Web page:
Baking bread for dummies: focaccia

I don’t know about you, but I don’t often find myself with a few spare hours and nothing to do but bake. Right?

And I have to admit I don’t know the first thing about baking bread. I tried it once about 10 years ago – the yeast was dead (but I didn’t know because I’d never used yeast before) and I got bored after three minutes of kneading. Needless to say, the ‘loaf’ turned out more like a mummified pig’s head – and that was the end of my baking career.

Until this victorious moment, champagne friends!

Because now I have three children, there is nothing I like better than getting filthy and punching the shit out of an inanimate object. And because then for a good ten minutes, I get to use my best sing-song voice to say, “Mummy can’t break up that fight/lick that yoghurt off the ceiling fan/unstick your tongue from the freezer because Mummy is busy baking bread!” (Why do we speak about ourselves in the third person? Is it to remove ourselves from the horror? Yes, that’s probably it.)

Suck on that, Marion Cunningham.

I was possessed by the spirit of Danielle at Keeping Up with the Holsbys while I was at the supermarket. She recently published a great recipe for spelt hot cross buns – next on my list of things to bake (and if you need another reason to read that post, try these words: “And will be as embarrassing as the penis in the meat department…” I’ll say no more.). But the point is, I bought a shit-ton of yeast, brought it home, and thought I should honour its existence (cause it’s a living thing – respect, y’all) by taking it out for a spin. And it’s all Danielle’s fault.

So who better to teach you to bake than a woman who knows diddly, right? The upside is that, if I can pull this off, anyone can. The original recipe described focaccia as a ‘free spirited’ bread – meaning you can eff around with it and it forgives you every time. Sort of like that doormat boyfriend you had back at uni – remember?

And I really did pull this baby off. My kids think I’m a freaking super hero and are begging me to make it again already. That never happens. Even Husby was impressed. Also rare.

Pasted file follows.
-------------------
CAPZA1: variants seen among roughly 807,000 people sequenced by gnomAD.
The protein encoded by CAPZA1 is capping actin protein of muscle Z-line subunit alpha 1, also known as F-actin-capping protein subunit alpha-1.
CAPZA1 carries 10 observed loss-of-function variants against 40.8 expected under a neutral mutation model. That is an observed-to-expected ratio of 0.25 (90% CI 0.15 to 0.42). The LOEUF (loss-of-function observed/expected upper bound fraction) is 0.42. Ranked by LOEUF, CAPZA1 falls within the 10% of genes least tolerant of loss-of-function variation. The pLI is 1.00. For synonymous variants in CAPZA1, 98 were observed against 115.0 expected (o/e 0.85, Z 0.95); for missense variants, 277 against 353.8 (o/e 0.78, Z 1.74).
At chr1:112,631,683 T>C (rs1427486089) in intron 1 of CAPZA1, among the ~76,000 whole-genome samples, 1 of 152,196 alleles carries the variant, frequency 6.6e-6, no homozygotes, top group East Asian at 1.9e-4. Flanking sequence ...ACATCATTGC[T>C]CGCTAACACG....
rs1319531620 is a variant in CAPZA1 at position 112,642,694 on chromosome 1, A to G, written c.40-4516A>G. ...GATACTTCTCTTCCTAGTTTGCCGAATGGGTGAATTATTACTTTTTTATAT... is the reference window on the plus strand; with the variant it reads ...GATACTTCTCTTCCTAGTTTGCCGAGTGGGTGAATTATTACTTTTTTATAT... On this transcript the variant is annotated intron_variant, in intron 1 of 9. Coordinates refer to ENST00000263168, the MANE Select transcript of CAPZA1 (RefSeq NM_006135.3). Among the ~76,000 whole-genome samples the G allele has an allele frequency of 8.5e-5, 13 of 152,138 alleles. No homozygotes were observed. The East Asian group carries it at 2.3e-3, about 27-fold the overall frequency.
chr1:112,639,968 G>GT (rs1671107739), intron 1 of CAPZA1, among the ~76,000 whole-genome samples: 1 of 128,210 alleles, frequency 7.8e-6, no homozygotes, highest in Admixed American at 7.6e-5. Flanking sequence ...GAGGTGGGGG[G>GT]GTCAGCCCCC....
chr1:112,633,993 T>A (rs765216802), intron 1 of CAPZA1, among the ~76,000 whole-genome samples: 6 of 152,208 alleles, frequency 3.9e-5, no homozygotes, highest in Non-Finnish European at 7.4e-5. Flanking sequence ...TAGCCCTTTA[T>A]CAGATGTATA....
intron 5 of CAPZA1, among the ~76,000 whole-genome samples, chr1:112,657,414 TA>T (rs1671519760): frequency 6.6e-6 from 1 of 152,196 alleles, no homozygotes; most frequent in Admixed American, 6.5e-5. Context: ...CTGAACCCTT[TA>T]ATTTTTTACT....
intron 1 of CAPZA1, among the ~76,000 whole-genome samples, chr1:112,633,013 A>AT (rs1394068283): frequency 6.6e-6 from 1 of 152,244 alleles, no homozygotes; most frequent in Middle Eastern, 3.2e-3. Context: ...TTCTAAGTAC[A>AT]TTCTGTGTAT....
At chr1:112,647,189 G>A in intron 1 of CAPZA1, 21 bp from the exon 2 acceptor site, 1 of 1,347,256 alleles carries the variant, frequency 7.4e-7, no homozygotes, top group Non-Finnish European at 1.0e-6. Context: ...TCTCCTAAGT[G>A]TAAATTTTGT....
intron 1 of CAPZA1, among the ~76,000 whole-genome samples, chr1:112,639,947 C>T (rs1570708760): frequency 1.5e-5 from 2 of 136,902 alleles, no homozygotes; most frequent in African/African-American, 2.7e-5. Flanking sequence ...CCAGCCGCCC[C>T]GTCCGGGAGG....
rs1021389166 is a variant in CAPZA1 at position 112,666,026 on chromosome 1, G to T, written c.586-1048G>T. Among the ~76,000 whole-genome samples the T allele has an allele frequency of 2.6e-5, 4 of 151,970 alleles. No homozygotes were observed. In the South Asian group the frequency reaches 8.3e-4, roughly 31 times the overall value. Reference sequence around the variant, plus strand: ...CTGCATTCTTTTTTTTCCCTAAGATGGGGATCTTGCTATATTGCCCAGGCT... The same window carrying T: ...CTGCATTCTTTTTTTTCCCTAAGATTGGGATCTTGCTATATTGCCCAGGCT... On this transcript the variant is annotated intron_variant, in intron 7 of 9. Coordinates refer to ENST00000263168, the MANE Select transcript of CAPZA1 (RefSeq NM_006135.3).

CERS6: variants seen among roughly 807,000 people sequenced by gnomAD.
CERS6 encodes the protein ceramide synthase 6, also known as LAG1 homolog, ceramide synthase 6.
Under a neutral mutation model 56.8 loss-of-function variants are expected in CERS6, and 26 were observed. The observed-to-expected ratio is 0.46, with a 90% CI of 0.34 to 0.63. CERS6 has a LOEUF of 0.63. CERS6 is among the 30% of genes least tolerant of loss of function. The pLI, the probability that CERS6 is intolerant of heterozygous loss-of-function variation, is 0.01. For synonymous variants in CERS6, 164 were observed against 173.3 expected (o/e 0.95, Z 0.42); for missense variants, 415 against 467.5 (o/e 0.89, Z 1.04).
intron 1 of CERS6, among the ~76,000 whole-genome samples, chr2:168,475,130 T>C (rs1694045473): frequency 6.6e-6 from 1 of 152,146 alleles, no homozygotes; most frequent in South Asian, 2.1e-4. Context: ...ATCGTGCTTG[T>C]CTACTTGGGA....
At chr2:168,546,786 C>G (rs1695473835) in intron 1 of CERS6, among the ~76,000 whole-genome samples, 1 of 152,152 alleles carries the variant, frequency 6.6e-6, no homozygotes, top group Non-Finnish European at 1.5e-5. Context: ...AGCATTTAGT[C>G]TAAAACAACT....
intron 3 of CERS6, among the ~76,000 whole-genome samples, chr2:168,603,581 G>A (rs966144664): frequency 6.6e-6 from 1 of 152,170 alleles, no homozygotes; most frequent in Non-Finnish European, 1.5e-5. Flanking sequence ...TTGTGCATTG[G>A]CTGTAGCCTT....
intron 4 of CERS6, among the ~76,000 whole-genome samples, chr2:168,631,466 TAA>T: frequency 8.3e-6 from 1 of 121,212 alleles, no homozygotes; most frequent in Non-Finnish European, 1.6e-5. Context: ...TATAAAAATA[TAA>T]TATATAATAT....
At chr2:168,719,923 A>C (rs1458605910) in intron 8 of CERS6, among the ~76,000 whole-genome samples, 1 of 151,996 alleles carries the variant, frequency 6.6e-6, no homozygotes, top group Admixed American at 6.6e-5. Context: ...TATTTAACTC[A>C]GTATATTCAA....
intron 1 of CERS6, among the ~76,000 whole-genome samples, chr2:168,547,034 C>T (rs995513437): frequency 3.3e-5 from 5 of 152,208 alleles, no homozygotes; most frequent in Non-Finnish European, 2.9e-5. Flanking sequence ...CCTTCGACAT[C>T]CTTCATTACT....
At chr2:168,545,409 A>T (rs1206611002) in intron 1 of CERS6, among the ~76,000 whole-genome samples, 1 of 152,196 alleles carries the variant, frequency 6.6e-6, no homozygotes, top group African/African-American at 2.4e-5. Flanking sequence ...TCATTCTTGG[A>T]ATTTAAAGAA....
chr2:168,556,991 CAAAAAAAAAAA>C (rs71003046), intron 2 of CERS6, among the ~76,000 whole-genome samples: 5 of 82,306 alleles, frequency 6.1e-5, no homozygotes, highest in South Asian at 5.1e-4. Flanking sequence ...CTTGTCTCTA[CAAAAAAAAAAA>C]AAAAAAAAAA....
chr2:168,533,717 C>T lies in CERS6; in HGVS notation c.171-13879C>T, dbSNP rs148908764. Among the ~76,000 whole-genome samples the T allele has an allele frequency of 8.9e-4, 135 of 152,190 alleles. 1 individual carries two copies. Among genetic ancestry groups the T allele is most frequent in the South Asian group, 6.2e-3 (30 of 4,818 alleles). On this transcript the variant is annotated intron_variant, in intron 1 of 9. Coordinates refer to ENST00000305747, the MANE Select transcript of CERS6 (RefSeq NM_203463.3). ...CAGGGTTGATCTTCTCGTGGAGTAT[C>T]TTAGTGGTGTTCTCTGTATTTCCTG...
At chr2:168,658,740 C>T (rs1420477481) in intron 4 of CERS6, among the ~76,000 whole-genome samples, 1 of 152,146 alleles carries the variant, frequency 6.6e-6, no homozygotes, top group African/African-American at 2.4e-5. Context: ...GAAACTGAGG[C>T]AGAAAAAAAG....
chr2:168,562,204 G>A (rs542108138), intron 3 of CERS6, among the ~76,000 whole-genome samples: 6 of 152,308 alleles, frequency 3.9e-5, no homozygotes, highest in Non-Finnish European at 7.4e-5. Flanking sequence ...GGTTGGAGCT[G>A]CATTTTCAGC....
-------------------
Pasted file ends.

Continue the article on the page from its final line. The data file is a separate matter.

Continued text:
Want to try? Sure you do!


  • 1/4 cup hot tap water
  • 1 tablespoon dry yeast
  • slug of maple syrup (about 2-3 teaspoons if you prefer actual numbers)
  • 1.5 cups cold water
  • 3 tablespoons of olive oil + extra for the bowl and pan
  • hefty pinch of sea salt
  • 4 cups plain flour (I usually prefer wholemeal or spelt but I used white for this one – because have you ever seen a wholemeal focaccia? I think it’s one of the early signs of the apocalypse.)
  • whatever you want to throw on top (I used thyme and a large bucket of sea salt)


  • Put hot water and maple syrup into your mixing bowl and swirl around to combine, then add your yeast and allow to sit for 10 minutes – until it’s a bit on the frothy side and smells like a beer.
  • Add your cold water, olive oil and salt. Mix together and then add your flour in bits, mixing along the way, until all the flour is in. Then mix it together with your hands until it comes together in a ball.

140402 dough rises

  • Sprinkle some flour on your bench and then bring your dough out and give it a good knead for 10 minutes.
  • Put the dough in an oiled bowl, then turn it over so it is all covered in oil. Cover with plastic wrap (I forgot this and just used a tea towel – it still went just fine) and leave to rest for 1.5 to 2 hours.
  • Remove your great big puffy dough from the bowl and punch the living bejinkies out of it so it deflates. Just give it 30 seconds or so – don’t go to town on it as a channel for all your pent up rage. Save something for your children.
  • Oil whatever dish you want to use. You can also just use a cookie sheet or other tray and free-form it. Do whatever your Susie-homemaker heart desires. It’s your bread.
  • Spread your dough with your hands and then poke holes in it with your fingers. Or have all three of your children help you out, as I did. Why does focaccia require those little holes? Why does the caged bird sing? Who the fuck knows.

140402 punch and holes collage

  • Drizzle the shizzle with more olive oil and top with whatever toppings your heart desires. Rosemary and salt is pretty standard. Olives and roast garlic is also good. Then leave that baby for another hour to rest. Shhhhhhhh.
  • Preheat your oven to 180 degrees while you’re waiting.
  • Bake for 35-45 minutes. It’s done when you get that hollow tapping sound in the middle (you have to tap it, it won’t do it all on its own).
  • Get that sucker out, then slather it with your body weight in butter. Yeah.

Are you a baker or are you more of a bread appreciator? What’s your favourite bread?


Written By

Carolyn is the editorial director of Champagne Cartel and a freelance writer. In her spare time she is a long-distance runner, peanut butter enthusiast, and single mum to three incredible humans.

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